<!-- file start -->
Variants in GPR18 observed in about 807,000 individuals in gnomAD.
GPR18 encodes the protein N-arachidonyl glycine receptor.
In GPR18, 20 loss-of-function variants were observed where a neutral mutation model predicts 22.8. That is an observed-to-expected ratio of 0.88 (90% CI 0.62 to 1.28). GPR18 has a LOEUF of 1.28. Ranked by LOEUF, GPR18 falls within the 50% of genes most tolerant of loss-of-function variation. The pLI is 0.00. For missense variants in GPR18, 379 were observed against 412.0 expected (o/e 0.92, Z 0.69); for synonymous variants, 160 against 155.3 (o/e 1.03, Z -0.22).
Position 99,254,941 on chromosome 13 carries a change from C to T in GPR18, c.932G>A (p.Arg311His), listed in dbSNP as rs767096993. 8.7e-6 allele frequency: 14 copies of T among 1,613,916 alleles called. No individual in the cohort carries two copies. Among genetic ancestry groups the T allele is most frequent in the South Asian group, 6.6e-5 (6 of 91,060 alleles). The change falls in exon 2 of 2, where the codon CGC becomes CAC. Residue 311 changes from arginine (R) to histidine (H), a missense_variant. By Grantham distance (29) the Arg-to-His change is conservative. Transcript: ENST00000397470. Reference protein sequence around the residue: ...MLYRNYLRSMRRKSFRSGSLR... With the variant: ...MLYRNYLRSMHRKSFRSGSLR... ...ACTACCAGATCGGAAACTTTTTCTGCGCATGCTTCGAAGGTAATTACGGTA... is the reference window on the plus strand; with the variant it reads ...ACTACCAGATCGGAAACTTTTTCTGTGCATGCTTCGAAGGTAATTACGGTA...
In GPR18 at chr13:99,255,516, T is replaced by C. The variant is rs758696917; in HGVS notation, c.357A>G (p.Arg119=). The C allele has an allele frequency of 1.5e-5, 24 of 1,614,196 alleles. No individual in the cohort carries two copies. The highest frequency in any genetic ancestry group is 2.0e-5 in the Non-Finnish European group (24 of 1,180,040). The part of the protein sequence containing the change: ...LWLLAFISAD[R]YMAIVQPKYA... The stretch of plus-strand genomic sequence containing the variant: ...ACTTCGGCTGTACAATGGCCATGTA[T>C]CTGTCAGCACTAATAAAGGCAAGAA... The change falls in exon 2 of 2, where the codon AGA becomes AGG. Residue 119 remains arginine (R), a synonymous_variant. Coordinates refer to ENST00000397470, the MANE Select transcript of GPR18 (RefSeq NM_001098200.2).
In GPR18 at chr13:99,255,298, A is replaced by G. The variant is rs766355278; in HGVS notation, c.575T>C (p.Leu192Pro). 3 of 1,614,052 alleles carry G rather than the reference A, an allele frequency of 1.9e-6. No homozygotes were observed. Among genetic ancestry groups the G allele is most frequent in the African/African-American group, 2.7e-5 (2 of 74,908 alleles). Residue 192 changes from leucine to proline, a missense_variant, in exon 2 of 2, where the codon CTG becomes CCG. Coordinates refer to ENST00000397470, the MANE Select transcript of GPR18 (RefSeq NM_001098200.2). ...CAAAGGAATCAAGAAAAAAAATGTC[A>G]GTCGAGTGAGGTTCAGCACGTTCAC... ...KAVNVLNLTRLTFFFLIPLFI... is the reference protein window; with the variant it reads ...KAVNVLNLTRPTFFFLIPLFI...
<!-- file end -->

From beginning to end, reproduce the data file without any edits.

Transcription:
Variants in GPR18 observed in about 807,000 individuals in gnomAD.
GPR18 encodes the protein N-arachidonyl glycine receptor.
In GPR18, 20 loss-of-function variants were observed where a neutral mutation model predicts 22.8. That is an observed-to-expected ratio of 0.88 (90% CI 0.62 to 1.28). GPR18 has a LOEUF of 1.28. Ranked by LOEUF, GPR18 falls within the 50% of genes most tolerant of loss-of-function variation. The pLI is 0.00. For missense variants in GPR18, 379 were observed against 412.0 expected (o/e 0.92, Z 0.69); for synonymous variants, 160 against 155.3 (o/e 1.03, Z -0.22).
Position 99,254,941 on chromosome 13 carries a change from C to T in GPR18, c.932G>A (p.Arg311His), listed in dbSNP as rs767096993. 8.7e-6 allele frequency: 14 copies of T among 1,613,916 alleles called. No individual in the cohort carries two copies. Among genetic ancestry groups the T allele is most frequent in the South Asian group, 6.6e-5 (6 of 91,060 alleles). The change falls in exon 2 of 2, where the codon CGC becomes CAC. Residue 311 changes from arginine (R) to histidine (H), a missense_variant. By Grantham distance (29) the Arg-to-His change is conservative. Transcript: ENST00000397470. Reference protein sequence around the residue: ...MLYRNYLRSMRRKSFRSGSLR... With the variant: ...MLYRNYLRSMHRKSFRSGSLR... ...ACTACCAGATCGGAAACTTTTTCTGCGCATGCTTCGAAGGTAATTACGGTA... is the reference window on the plus strand; with the variant it reads ...ACTACCAGATCGGAAACTTTTTCTGTGCATGCTTCGAAGGTAATTACGGTA...
In GPR18 at chr13:99,255,516, T is replaced by C. The variant is rs758696917; in HGVS notation, c.357A>G (p.Arg119=). The C allele has an allele frequency of 1.5e-5, 24 of 1,614,196 alleles. No individual in the cohort carries two copies. The highest frequency in any genetic ancestry group is 2.0e-5 in the Non-Finnish European group (24 of 1,180,040). The part of the protein sequence containing the change: ...LWLLAFISAD[R]YMAIVQPKYA... The stretch of plus-strand genomic sequence containing the variant: ...ACTTCGGCTGTACAATGGCCATGTA[T>C]CTGTCAGCACTAATAAAGGCAAGAA... The change falls in exon 2 of 2, where the codon AGA becomes AGG. Residue 119 remains arginine (R), a synonymous_variant. Coordinates refer to ENST00000397470, the MANE Select transcript of GPR18 (RefSeq NM_001098200.2).
In GPR18 at chr13:99,255,298, A is replaced by G. The variant is rs766355278; in HGVS notation, c.575T>C (p.Leu192Pro). 3 of 1,614,052 alleles carry G rather than the reference A, an allele frequency of 1.9e-6. No homozygotes were observed. Among genetic ancestry groups the G allele is most frequent in the African/African-American group, 2.7e-5 (2 of 74,908 alleles). Residue 192 changes from leucine to proline, a missense_variant, in exon 2 of 2, where the codon CTG becomes CCG. Coordinates refer to ENST00000397470, the MANE Select transcript of GPR18 (RefSeq NM_001098200.2). ...CAAAGGAATCAAGAAAAAAAATGTC[A>G]GTCGAGTGAGGTTCAGCACGTTCAC... ...KAVNVLNLTRLTFFFLIPLFI... is the reference protein window; with the variant it reads ...KAVNVLNLTRPTFFFLIPLFI...